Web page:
|Pre-miR-146a||rs2910164||Mixed ethnicity||Meta analysis||772 cases/779 controls||C allele||↓ EC risk in the asian population||He et al. (2012) |
|Pre-miR-423||rs6505162||Caucasian||Case control||346 cases/346 controls||AC+AA||↓ EC risk||Ye et al. (2008) |
EC: Esophageal Cancer; EAC: Esophageal Adenocarcinoma; ESCC: Esophageal squamous cell carcinoma; BE: Barrett Esophagus; OS: overall survival; PFS: progression-free survival; ↑: high; ↓: low.
Table 2. SNPs within miRNA-binding sites and their association with EC risk and outcome.
|miRNA Binding Site||SNP||Population||Type of Study||Sample Size||Relevant Genotype||Outcome||References|
|3′-UTR of KIAA0423||rs1053667||Canadian||Cohort||368 cases||C allele||↑ OS in EAC||Faluyi et al. (2017) |
|3′-UTR of SET8||rs16917496||Chinese||Case control||180 cases/142 controls||CC||↑ OS and ↑ Post-surgery survival in ESCC||Wang et al. (2016) |
|3′-UTR of BSG||rs11473||Chinese||Case control||624 cases/636 controls||TT/T allele||↑ risk of ESCC||Li et al. (2016) |
|3′-UTR of RDH8||rs1644730||Mixed ethnicity||Case control||2515 EA cases|
3295 BE cases
|A allele||↓ BE and ↓ EA risk||Buas et al. (2015) |
|3′-UTR of PTPRT||rs2866943||Chinese||Case control||790 cases/749 controls||CT/TT||↓ risk of ESCC||Yao et al. (2015) |
|rs6029959||CC/AC||↑ risk of ESCC|
|3′-UTR of ErbB4||rs1595066||Chinese||Case control||381 cases/426 controls||AA/A allele||↓ risk of ESCC||Qu et al. (2014) |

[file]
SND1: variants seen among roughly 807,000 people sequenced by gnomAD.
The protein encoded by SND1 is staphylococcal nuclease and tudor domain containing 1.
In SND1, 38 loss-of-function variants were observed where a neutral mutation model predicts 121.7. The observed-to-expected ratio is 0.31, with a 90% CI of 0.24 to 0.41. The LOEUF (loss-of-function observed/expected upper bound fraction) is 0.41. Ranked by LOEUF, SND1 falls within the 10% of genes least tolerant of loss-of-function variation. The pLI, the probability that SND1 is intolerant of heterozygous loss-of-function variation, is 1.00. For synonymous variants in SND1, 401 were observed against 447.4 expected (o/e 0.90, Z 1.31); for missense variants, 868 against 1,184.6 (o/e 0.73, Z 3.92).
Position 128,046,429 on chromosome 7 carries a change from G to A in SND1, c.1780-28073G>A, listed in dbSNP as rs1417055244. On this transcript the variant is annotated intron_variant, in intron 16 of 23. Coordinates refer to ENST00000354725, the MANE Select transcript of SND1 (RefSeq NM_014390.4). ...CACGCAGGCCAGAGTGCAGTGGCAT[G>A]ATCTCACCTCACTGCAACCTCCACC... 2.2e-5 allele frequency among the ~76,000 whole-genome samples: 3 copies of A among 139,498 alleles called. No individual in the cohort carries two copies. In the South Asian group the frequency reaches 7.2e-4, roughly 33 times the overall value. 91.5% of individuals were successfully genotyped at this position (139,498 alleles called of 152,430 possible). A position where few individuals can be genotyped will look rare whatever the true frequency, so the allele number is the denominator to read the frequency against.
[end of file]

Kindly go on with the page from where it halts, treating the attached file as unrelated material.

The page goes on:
|Coding sequence of BRCA1||rs799917||Jinan||Case control||540 cases/550 controls||CC||↑ risk of ESCC||Zhang et al. (2013) |
|Huaian||588 cases/600 controls|
|3′-UTR of MDM4||rs4245739||Jinan||Case control||540 cases/550 controls||AC+CC||↓ risk of ESCC||Zhou et al. (2013) |
|Huaian||588 cases/600 controls|
|3′-UTR of RAP1A||rs6573||Chinese||Case control||537 cases and 608 controls||CC||↑ risk of metastasis in ESCC||Wang et al. (2012) |
Table 3. SNPs within miRNA binding sites and their association with EC risk and outcome.
|Gene||SNP||Population||Type of Study||Sample Size||Relevant Genotype||Outcome||References|
|XPO5||rs11077||Chinese||Cohort||128 cases||AA||↑ OS in ESCC||Wang et al. (2018) |
|GEMIN 3||rs197412||Canadian||Cohort||368 cases||C allele||↑ OS EAC||Faluyi et al. (2017) |
|GEMIN 4||rs910924||North American||Case control||346 cases/346 controls||G allele||Haplotype associated with ↓ EC risk||Ye et al. (2008) |